Mia Hamm’s advice for girls, parents and coaches
Interview by Mike Woitalla
American sports icon Mia
Hamm debuted for the U.S. national team at age 15 in 1987. She
helped the USA to two World Cup and two Olympic titles. The 158 national team
goals she scored before retiring in 2004 remain a world record. We asked Hamm
to reflect on her early years and offer advice for coaches, parents and young
SOCCER AMERICA: How
involved are you still in soccer?
It’s a huge part of my life. I’m still involved with U.S. Soccer on a couple of
committees to help continue the growth of the game and make sure we’re going in
the right direction, in general, as a Federation.
Kristine Lilly, Tisha Venturini-Hoch and myself started a soccer academy called
Team First to
basically help share with young girls our experiences and what we felt helped
make us successful.
I still watch tons of soccer. Both the men’s and women’s national teams, MLS,
SA: What part of the
coaching you got as a youngster helped you succeed?
Everyone talks about it being fun. And it definitely was. That needs to be the
focus. Development over winning was something I felt was there. I think as
kids, and especially the players who go on to play at the highest level,
they’re naturally competitive. That’s going to be a part of what they do.
At a certain age, that reinforcement is important, but at a young age it’s
about development and making sure that the kids really enjoy the environment
they’re in so they want to come back and continue to learn and listen.
SA: How different do you
think youth soccer is now compared to your early days?
The first coaches I had were just dads. And [laughs] probably wearing too small
team uniform shirts and a really bad hat or visor on the sideline. And
occasionally saying things they got from their days of playing football and
trying to apply it to soccer, like “get to the end zone.”
It’s changed a lot. Some good, some bad. Coaching and the players are so much
better at a younger age.
I didn’t specialize until I made the national team. I still played basketball
and a bunch of different sports, really kind of followed what my friends were
playing in the season that was being organized.
I think that helped me not burn out so early and helped my overall athleticism.
SA: In your book “Go For the Goal” you
addressed the problem of youth coaches sacrificing “learning skills for
winning games.” Youth soccer has continued to get more
expensive and paid coaches are the norm, so it would seem that pressure on
winning has increased …
MIA HAMM: You’re
right, with more money and coaches being paid they feel a lot more pressure to
win and parents want a greater return on their investment, whether that’s a
college scholarship or an opportunity to play on the youth national team or
SA: You’ve talked about
pickup games – such as soccer at recess in grade school and playing with your
brother – being a key to your development …
That helped a lot. Playing against boys, against older kids who were more
talented than I was — and bigger, stronger, faster. But in the end what was so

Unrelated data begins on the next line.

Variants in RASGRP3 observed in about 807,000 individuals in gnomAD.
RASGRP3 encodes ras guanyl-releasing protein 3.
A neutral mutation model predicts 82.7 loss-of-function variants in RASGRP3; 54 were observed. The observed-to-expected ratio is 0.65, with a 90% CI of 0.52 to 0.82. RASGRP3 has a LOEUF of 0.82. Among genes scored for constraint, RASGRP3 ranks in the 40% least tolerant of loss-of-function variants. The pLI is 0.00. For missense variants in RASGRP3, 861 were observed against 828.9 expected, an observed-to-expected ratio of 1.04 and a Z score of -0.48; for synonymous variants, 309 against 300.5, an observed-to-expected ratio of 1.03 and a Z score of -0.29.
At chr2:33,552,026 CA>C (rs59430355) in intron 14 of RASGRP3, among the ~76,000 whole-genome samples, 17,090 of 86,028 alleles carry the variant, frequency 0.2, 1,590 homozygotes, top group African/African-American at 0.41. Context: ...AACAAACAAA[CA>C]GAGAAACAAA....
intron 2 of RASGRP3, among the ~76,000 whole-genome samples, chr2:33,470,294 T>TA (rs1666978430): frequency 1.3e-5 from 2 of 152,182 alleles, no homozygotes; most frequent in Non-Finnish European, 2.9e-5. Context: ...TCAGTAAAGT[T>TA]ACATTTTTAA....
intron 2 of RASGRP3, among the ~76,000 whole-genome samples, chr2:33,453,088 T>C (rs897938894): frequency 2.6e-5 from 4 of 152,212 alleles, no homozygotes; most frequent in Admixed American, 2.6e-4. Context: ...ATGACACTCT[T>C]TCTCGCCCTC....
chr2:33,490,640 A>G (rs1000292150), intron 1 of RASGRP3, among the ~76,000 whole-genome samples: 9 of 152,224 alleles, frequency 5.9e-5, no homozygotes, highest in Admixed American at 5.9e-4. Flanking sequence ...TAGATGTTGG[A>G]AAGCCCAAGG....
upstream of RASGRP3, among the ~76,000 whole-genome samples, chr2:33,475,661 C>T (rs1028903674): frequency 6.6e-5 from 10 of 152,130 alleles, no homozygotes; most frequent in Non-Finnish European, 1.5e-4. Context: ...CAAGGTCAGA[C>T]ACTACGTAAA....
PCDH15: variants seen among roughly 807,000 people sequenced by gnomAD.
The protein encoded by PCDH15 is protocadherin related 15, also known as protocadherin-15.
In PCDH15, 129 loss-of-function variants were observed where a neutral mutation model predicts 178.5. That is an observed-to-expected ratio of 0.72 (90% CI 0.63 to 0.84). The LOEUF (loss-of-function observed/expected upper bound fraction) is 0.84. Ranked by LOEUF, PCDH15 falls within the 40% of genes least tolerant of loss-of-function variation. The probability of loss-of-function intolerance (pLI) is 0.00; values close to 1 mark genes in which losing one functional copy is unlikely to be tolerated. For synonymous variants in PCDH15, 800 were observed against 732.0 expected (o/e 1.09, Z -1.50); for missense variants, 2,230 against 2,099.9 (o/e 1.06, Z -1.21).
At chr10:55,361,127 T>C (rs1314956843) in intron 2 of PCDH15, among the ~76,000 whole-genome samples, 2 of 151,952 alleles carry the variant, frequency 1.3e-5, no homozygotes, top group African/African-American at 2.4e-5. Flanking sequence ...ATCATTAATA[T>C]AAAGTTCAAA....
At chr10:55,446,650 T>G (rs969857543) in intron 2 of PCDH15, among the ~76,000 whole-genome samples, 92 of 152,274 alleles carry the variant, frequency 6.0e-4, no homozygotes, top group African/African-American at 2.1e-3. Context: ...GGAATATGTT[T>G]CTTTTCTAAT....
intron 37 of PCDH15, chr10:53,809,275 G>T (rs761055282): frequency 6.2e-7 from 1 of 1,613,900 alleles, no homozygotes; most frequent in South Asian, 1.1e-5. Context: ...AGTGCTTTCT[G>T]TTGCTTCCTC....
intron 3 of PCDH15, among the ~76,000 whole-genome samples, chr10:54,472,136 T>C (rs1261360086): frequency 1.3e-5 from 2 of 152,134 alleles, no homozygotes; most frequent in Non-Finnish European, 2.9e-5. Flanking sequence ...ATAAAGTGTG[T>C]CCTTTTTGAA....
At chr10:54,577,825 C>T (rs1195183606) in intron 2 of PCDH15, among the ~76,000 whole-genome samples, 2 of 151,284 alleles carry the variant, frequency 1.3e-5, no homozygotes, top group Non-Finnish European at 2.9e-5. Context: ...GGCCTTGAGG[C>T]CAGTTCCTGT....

great was I put myself in those situations, and it was an environment to be
able to hang out with my brother.
You don’t hear of as many kids playing pickup soccer as they used to because
they’re training five days a week and play 12,000 games on the weekend.
SA: What advice do you
have for parents of aspiring players?
MIA HAMM: My
parents really allowed soccer — and whatever I chose — to be my passion and
I heard one of my coaches say the best advice he can give to the parents is
just be their parent.
As a parent myself, I can pay other people to do their job in terms of coaching
my kids. I don’t want anyone but me and my husband to be their parents.
I look at that as the important role I can play in their lives. It doesn’t mean
I won’t share my knowledge of soccer with them or occasionally go out and coach
their teams, but I want to make sure they know I’m their parent first and they
can come to me, and I hope they come to me for anything.
SA: What should parents
be aware of when girls enter their adolescent years? For sure that’s a time of
many changes that can affect the way they approach activities like soccer.
I’ve tried to block out that period of my life [laughs]. …
I think, yeah, there’s so much going on and most of it you don’t really
understand or you can’t really comprehend.
What I would tell parents is just understand that things can change at a drop
of a hat – emotionally, physically, psychologically – for your kids, and to
just be there [for them]. And be flexible. And be open, and be that sounding
board for them.
They could have a favorite dress and the next day say they hate it and it’s the
ugliest dress they’ve ever seen. Or they could say Susi’s my best friend and
now they’re not talking to one another.
Expect the unexpected and just make sure you’re there.
SA: How do you think
girls benefit by playing sports during those years?
With girls going through puberty, I think it gives us a great outlet both
socially and physically. Kind of get out some frustration, run it out. Have a
group of friends with a common interest whom you can kind of lean on … talk
about your parents and how they’re not listening to you [laughs].
I think it’s extremely important.
SA: What advice do you
have for young soccer players?
MIA HAMM: Have
fun and everyday you step out there let’s see how much better I can get. And
doing it together is even better.